Gathinja Yamokoski came to the United States seven years ago. A painter since childhood in her native Kenya, she knew the long tradition of African painting and its evolution into an active contemporary art scene. It was a world she found largely ignored in her new home, to her surprise. She began TrueAfricanArt.com as a business minded way of beginning to redress that balance.
Based in Westchester County, TrueAfricanArt.com isn't a gallery in the conventional sense, (although, if you are in the NYC area, they will gladly arrange a viewing). It's an online portal to the work of artists who live and work in Africa. In Kenya, artists network to find opportunities, (the off-line version,) and word soon spread that she was looking for pieces to sell. While sales initially began with the work of artists culled from art galleries, in March of 2009, her husband returned to Africa on a buying trip. They now sell the work of over 40 artists, and maintain a small staff that work on site on the continent.
The pieces you'll find range from traditional subject matter like figures in traditional dress or animals, painted with contemporary techniques, to less representational and more abstract treatments like Stephen Njenga's or Willie Wamuti's work. And, what begins as a marketing venture becomes an ongoing narrative. The website includes stories and videos of the artists where they work. Many are self taught, and would otherwise have difficulty via the usual route of gallery representation.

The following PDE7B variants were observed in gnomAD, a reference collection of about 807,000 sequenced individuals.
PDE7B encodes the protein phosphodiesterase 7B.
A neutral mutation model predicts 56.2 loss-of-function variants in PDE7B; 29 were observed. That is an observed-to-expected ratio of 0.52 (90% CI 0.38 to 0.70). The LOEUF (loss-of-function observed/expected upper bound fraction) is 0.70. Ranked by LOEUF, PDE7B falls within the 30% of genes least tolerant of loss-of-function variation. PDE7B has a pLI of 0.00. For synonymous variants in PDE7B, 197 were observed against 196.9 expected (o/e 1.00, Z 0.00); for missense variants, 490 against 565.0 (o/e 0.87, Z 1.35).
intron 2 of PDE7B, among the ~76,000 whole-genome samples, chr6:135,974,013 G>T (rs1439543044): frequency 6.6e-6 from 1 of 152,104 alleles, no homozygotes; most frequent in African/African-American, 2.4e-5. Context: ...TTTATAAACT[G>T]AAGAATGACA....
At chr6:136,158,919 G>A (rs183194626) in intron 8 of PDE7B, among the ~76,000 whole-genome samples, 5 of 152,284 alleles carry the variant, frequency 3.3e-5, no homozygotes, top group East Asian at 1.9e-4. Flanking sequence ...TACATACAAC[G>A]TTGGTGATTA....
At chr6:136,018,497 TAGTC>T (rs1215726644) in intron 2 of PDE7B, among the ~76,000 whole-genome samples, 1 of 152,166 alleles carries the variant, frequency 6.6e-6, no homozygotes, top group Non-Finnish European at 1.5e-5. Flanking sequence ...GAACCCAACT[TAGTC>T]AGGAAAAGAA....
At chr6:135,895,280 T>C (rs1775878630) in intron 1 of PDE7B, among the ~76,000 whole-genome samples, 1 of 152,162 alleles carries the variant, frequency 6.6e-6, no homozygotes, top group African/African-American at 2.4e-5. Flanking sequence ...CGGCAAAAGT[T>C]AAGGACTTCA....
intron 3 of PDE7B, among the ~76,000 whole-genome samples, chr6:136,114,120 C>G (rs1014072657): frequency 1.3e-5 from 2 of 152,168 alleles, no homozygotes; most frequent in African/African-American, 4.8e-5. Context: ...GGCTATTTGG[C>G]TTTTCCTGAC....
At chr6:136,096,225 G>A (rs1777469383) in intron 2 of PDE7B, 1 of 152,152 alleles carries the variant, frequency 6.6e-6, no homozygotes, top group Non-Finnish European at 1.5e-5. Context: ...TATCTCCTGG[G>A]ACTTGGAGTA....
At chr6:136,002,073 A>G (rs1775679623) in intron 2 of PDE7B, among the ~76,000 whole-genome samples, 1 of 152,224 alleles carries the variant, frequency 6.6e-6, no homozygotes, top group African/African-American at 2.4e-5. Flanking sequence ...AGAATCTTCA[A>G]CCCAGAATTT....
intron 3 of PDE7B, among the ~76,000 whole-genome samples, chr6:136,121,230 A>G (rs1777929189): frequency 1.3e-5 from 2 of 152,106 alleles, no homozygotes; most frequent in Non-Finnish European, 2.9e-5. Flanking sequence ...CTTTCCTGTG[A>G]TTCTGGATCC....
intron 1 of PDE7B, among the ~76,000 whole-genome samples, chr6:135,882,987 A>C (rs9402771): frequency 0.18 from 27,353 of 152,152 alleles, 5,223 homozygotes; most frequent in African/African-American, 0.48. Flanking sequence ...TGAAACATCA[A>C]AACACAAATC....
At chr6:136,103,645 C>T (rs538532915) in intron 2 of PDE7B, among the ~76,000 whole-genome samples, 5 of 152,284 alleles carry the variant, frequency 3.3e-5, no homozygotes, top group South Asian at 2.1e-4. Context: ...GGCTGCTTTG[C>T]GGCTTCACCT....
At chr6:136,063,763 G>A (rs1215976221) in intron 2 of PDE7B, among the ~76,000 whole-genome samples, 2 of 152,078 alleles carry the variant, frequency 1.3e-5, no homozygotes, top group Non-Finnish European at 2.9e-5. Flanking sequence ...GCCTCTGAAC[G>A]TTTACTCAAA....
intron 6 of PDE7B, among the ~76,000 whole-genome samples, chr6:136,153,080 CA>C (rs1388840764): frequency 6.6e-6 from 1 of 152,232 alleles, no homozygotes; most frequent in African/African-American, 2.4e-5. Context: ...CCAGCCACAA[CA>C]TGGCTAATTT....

The high cost and scarcity of painting materials is a problem faced by many African artists. "I had to give most of the artists featured on True African Art.com a deposit so they could afford new materials in order to paint their best," Gathinja says. Sales are often not consistent enough to sustain the artists and their families year round. Gathinja says, "When there was political violence in my country following the 2007 elections, tourists stopped visiting for a while and every aspect of Kenya was affected, including the art economy." It's getting a broader access to the art marketplace on a sustained basis that is her goal.
The paintings are sold unframed to keep costs down and logistics more feasible. If you're in the Westchester area, there will be a show of their artists at the Katonah Library in February 2010, including abstract and realistic pantings, Tinga Tinga paintings from Tanzania, photo collages, and children's paintings.
Gathinja calls her own work "a raw talent", even though she's been painting since the age of nine. Trained first in fashion design as a more practical alternative, she nonetheless found herself going back to painting. Her pieces are rhythmic in their composition, inspired by her African culture and background and coloured with a tropical palette. Many of her pieces feature the figures of women as subject matter. "I tend to do African women," she says, noting the women in her family who initially inspired her. "When I first came to America, I was surprised at the images of African women I saw (in the media) - they weren't the images of strong women that I knew, women who were happy to take care of their families, to work."
There's a large selection of work to check out if you're interested, or if you need a little African warmth to adorn your own living or working space.
The images are all by Gathinja - top "Working Together", middle "She Played Coro" and bottom "Lost In Music".